Back to the 2018 spring a standard Eurobarometer survey (EC 89) was carried out to find out the opinions about the EU. 33.130 respondents of EU Member States participated in the survey.
The results of the survey showed that trust in the European Union is the largest since the autumn 2010. Most of respondents trust the EU in the 12 Member States. The largest trust in EU is in Lithuania (66%), Portugal and Denmark (57%) and Luxembourg and Bulgaria (56%). However, since 2017 trust in the EU has decreased in six countries, in particular in Belgium (47%, -6), Hungary (44%, -5) and Slovakia (44%, -4).
It is important to note trust in the EU remains higher than trust in National Governments or Parliaments. 42 % of Europeans trust in EU while 34% of Europeans trust their National Parliaments and Governments
Furthermore, most Europeans (58 %) are optimistic about the future of the EU. Thus, the EU’s future is appreciated in all Member States, with two exceptions, Greece and the United Kingdom (48% and 43% respectively). The most optimistic people regarding the EU future live in Ireland, Portugal, Luxembourg, Malta, Lithuania and Denmark. For more info, please check here.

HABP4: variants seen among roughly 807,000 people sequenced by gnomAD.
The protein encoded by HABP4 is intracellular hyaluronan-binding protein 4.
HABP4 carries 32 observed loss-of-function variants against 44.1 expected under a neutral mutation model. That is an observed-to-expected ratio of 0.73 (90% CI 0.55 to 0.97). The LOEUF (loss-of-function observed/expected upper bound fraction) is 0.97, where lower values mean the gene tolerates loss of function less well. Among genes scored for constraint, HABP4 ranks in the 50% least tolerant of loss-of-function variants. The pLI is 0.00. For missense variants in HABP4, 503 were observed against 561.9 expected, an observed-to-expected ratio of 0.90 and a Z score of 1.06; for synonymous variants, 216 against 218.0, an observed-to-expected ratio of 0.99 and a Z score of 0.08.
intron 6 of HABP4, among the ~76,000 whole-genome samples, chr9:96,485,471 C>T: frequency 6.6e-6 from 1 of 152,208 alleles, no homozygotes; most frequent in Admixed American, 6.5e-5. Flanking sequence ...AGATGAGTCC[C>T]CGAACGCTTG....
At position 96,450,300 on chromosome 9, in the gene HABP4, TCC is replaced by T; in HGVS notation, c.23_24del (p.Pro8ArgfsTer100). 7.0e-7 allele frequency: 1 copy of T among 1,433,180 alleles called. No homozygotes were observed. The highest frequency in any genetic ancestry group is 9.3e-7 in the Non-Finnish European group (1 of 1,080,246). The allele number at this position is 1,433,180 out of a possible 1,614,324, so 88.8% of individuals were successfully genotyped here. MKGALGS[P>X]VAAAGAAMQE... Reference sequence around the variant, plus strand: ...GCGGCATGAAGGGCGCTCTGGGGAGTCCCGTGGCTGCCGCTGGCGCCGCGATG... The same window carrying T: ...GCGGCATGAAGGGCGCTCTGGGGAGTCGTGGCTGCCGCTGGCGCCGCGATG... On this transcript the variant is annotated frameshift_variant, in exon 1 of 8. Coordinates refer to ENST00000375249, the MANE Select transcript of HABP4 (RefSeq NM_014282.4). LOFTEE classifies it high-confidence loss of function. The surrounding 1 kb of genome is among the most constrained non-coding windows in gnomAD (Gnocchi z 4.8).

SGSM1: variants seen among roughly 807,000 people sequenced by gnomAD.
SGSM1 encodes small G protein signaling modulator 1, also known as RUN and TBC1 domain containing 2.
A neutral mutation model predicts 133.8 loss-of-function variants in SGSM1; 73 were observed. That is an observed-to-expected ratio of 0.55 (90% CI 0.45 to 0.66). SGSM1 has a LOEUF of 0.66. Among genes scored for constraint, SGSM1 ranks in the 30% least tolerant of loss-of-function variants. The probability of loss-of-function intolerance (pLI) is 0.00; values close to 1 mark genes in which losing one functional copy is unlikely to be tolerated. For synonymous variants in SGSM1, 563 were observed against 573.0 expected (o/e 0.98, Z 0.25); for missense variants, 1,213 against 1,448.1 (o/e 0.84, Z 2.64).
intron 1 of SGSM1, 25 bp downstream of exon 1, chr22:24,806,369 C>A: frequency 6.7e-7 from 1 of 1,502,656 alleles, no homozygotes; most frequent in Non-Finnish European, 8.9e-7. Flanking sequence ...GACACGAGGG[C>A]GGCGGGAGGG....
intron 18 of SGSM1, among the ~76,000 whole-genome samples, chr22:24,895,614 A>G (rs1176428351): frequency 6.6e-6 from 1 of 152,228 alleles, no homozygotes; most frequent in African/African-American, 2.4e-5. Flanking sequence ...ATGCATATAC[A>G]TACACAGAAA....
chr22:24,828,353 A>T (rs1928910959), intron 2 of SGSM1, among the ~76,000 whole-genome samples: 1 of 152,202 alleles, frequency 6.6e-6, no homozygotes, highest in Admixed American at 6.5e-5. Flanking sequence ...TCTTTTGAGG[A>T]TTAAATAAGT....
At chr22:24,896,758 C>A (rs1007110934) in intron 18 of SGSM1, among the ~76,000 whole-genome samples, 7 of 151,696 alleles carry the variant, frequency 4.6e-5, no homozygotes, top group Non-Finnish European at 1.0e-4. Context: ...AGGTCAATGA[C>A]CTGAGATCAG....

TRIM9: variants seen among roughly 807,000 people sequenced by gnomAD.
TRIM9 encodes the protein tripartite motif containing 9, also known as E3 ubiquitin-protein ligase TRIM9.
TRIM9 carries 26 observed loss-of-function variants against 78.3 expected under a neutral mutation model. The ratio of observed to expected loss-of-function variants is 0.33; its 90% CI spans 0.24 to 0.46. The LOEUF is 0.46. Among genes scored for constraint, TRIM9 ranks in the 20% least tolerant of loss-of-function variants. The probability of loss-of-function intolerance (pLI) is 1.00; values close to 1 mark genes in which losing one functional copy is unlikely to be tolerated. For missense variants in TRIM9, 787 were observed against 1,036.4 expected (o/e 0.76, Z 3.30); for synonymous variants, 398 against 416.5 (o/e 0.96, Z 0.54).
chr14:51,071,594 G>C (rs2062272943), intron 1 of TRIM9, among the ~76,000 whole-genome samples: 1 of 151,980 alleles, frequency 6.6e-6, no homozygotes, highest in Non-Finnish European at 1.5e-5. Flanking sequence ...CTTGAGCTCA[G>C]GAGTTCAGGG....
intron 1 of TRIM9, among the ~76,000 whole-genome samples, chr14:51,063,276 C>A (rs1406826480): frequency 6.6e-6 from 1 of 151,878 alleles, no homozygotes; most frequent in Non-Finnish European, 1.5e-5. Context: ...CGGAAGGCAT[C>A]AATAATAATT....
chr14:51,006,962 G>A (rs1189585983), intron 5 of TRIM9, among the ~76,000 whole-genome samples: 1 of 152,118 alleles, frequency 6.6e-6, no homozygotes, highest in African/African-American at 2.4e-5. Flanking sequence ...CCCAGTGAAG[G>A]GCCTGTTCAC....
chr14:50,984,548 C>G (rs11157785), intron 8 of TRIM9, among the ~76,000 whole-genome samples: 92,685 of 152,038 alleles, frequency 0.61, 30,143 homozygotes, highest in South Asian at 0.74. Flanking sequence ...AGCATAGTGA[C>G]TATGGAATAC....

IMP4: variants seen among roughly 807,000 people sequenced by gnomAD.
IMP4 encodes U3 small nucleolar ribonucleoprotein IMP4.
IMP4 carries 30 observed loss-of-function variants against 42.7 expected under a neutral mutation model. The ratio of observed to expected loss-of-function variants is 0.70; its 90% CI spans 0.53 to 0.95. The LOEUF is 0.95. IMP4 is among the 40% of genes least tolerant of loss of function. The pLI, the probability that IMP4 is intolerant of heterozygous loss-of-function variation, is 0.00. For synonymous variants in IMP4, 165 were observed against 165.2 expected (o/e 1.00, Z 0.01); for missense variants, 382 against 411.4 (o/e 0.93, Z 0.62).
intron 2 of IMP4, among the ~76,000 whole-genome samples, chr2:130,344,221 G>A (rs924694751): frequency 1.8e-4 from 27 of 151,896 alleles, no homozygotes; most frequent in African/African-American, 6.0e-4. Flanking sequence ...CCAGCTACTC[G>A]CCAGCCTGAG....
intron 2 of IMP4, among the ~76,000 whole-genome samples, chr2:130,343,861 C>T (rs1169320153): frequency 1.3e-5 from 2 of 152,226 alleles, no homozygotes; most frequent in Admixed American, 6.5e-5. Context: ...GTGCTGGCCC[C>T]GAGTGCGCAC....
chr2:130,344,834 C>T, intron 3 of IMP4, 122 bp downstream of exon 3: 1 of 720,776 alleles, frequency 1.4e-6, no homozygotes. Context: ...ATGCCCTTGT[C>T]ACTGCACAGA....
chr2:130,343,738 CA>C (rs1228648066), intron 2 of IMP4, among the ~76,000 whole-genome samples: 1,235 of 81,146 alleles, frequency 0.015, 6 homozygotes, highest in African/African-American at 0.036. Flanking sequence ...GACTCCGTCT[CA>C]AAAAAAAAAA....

But what about other countries? How to raise their trust in the EU?
Opinion poll conducted by European Movement in Serbia and the Faculty of Political Sciences in 2018 shows that citizens of Serbia who trust in democracy, think positively about EU membership.
European Union, judging by the attitudes, mostly symbolizes economic stability and prosperity (26 percent of the respondents), liberty and human rights (20%), multiculturalism and togetherness (12%) while negative values are the first association for 11 percent of them.
In Lithuania, citizens trust the EU, but the prevailing opinion is that schools talk about the EU too little or too superficial. Most of the information young people obtain from the media – which may be misleading.
That’s why this autumn a declaration on interinstitutional cooperation in education and training in the European Union was signed. According to the signatories, EU schools should talk not only through civic education lessons – European themes for education should be integrated horizontally and eventually reflected in the tasks of History, Geography and other subjects in examinations. It should be noted that institutions involved in EU policy-making should work more closely with schools, initiate discussions with students.Appropriate attention should also be paid to improving teachers’ skills and raising qualifications, and to develop attractive and easily accessible methodological materials.
To sum up, it should be said that young persons should be educated as responsible citizens of the EU. The citizenship of EU cannot be taken for granted. Only when having a clear perception of the EU’s meaning, young people will be able to enjoy EU benefits.